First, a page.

Perhaps I am a glutton for…productivity (as opposed to punishment), but I would like to announce that I have now signed on to a second internship, and a pretty sweet one at that. Last week, I sent an email out into the ether in response to a perfect-sounding video-streaming/new media/networking/psychogeographic-sounding internship call, and was pleasantly surprised to hear back on the same day with an offer to be taken onto the project. So last evening, I met Andrew Demirjian at Rags-a-Go-Go, an awesome vintage shop on west 14th street, where part of Andrew’s latest video installation piece, Scenes From Last Week, is just getting set up. The set-up is pair of video streams in opposing store-fronts, which record and play back in real time, but also play back the synced footage from previous days. As days pass, the installation goes from being simply paired shots of today/yesterday to arrays of 4 or 6 or more days, inviting passersby to glimpse the past and notice patterns in the daily life of two sections of urban space in Chelsea. Andrew has also put out a call to performance artists or anyone interested in being featured to engage the repetitive nature of the media by returning daily and performing for the camera, or sharing a series of words, or whatever might strike one’s fancy — the project is very much about the social engagement and reaction of its viewers and participants, the interaction between past(s) and present, as well as the patterns of the urban setting and the interaction of the physical and psychological aspects of our environment. It is very much, I think, a form of psychogeography that keeps the psychogeographer as a practitioner of stationary surveillance, getting momentary glimpses into a sort of always on-going but unrecognized psychogeography of the collective commuting community of Chelsea.
A previous incarnation of the current installation, from the perspective of the camera watching people watching themselves in real-time.
Andrew’s current work and interests seem to align pretty perfectly with mine, and also with the summer projects and obsessions that I already have going: documentary/non-fiction film, psychogeography/algorithmic art production that engages the urban space. From the sound of it, I will be fairly involved in helping him create a second installation at Eyebeam, where he is an artist-in-residence, from the footage gathered by the current installation — this installation will deal more directly with Andrew’s main research there, which is in exploring the viability of algorithmically-edited non-fiction film as an interesting alternative to standard narrative approaches to filmmaking. We will be experimenting with different ways to combine the footage, and to take this vast database of days and days of recorded sidewalk happenings to create patterned combinations of footage, drawing on Andrew’s interest in the rhythms of music and perhaps my interest in the syllabic patterning of structured poetic forms such as haiku or the Shakespearian sonnet.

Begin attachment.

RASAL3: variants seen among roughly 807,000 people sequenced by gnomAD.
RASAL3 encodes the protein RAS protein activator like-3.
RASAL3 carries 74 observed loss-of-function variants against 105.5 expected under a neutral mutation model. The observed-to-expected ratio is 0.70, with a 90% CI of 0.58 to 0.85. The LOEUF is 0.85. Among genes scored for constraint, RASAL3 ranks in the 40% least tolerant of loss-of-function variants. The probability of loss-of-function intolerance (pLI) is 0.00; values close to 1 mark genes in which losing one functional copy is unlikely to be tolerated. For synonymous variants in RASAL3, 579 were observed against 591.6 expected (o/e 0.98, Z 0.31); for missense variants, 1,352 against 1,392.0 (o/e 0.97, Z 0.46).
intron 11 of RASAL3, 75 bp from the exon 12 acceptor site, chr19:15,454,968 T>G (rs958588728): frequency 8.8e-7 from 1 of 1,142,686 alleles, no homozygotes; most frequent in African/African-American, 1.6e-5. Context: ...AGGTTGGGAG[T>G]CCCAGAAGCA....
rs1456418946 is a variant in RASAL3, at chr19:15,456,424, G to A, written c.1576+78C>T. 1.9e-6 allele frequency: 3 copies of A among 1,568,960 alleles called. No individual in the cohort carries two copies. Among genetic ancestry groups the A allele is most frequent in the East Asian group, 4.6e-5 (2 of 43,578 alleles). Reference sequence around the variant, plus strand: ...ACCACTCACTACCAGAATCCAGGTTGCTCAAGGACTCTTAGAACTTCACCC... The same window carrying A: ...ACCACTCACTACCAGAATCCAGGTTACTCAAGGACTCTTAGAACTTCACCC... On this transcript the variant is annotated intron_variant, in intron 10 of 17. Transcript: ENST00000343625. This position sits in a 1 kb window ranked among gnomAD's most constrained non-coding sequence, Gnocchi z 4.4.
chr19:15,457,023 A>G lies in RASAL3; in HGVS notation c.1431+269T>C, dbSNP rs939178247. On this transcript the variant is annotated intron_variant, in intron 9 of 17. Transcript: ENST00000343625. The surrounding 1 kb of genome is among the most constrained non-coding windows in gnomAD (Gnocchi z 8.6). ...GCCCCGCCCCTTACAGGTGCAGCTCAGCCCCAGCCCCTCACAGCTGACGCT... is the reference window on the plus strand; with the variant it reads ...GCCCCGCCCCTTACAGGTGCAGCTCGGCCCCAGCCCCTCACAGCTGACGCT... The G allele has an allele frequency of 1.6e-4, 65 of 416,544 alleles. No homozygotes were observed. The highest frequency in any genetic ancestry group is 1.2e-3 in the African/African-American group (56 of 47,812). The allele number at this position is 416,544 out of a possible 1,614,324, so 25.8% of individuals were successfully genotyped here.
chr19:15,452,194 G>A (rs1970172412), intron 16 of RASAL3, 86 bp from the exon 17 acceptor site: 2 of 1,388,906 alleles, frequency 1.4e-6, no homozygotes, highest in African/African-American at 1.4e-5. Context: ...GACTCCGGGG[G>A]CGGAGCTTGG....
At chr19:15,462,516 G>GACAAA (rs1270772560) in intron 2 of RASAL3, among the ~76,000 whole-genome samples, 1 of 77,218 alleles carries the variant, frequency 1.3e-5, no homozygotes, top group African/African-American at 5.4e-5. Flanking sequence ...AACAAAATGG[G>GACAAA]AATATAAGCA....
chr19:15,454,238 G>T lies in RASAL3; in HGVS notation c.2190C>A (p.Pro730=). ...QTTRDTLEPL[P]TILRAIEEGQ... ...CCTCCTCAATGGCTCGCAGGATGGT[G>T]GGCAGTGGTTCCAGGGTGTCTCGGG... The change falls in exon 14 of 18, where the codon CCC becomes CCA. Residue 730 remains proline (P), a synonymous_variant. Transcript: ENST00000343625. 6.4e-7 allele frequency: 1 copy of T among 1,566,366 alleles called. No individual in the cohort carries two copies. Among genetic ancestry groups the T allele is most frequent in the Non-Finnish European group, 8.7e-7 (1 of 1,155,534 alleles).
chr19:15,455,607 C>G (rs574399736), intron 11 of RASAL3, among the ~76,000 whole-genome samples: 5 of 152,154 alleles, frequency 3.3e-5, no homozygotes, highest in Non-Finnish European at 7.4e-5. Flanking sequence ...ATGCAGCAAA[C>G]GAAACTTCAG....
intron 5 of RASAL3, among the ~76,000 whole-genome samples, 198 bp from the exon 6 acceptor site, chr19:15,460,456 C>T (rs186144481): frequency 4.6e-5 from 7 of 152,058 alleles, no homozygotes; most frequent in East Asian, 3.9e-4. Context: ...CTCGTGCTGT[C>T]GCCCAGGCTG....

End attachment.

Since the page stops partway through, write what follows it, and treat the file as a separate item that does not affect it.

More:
Basically, I am incredibly stoked about this internship, although it really seems more like a cross between an artistic partnership and a private independent study, with Andrew even offering to give me some articles on new media by Lev Manovich to read, in response to which I enthusiastically told him that “I dig theory!” (And having already read a little of Manovich’s work, I definitely don’t mind getting some reading assigned — it’s really fascinating stuff on databases and surveillance and modern incarnations of Foucault’s panopticon and whatnot.) More and more I am realizing that I want to marry my love for film with my broader artistic and academic interests in psychogeography, and more and more I am realizing that within film, what I really love making is non-fiction: documentary, experimental, non-narrative, what-have-you. Doing so algorithmically is almost like engaging in a psychogeographic exploration of the filmic medium and a given set of footage, which is totally cool, and perhaps exactly the sort of direction I’ve been looking for. I think I said it recently, but it’s no less true: Living the dream. Living the dream.
The official opening reception for Andrew’s installation is this Friday, July 15th, at 218 W 14th St (Rags-a-Go-Go in Chelsea) from 6 pm to 8 pm, and the installation will run from July 15th to August 15th. If you happen to be in the Big Apple this weekend (or in the next month!), come check it out! I’ll be there taking documentary footage, like I do. Quite probably WITH A CANON 7D! O___O